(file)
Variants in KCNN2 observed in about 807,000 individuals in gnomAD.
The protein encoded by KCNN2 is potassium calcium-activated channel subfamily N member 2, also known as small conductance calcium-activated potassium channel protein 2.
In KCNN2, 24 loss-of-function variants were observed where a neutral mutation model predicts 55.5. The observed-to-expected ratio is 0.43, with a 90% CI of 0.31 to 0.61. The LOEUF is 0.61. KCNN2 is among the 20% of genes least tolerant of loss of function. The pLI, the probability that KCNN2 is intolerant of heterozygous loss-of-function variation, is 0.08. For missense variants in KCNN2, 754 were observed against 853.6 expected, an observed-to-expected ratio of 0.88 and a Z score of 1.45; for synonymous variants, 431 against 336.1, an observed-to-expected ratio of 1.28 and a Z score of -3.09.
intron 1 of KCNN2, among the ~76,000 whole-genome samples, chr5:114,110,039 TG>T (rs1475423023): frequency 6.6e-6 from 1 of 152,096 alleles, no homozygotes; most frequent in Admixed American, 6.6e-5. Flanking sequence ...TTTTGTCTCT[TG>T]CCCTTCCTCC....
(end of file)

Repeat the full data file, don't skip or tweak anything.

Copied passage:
Variants in KCNN2 observed in about 807,000 individuals in gnomAD.
The protein encoded by KCNN2 is potassium calcium-activated channel subfamily N member 2, also known as small conductance calcium-activated potassium channel protein 2.
In KCNN2, 24 loss-of-function variants were observed where a neutral mutation model predicts 55.5. The observed-to-expected ratio is 0.43, with a 90% CI of 0.31 to 0.61. The LOEUF is 0.61. KCNN2 is among the 20% of genes least tolerant of loss of function. The pLI, the probability that KCNN2 is intolerant of heterozygous loss-of-function variation, is 0.08. For missense variants in KCNN2, 754 were observed against 853.6 expected, an observed-to-expected ratio of 0.88 and a Z score of 1.45; for synonymous variants, 431 against 336.1, an observed-to-expected ratio of 1.28 and a Z score of -3.09.
intron 1 of KCNN2, among the ~76,000 whole-genome samples, chr5:114,110,039 TG>T (rs1475423023): frequency 6.6e-6 from 1 of 152,096 alleles, no homozygotes; most frequent in Admixed American, 6.6e-5. Flanking sequence ...TTTTGTCTCT[TG>T]CCCTTCCTCC....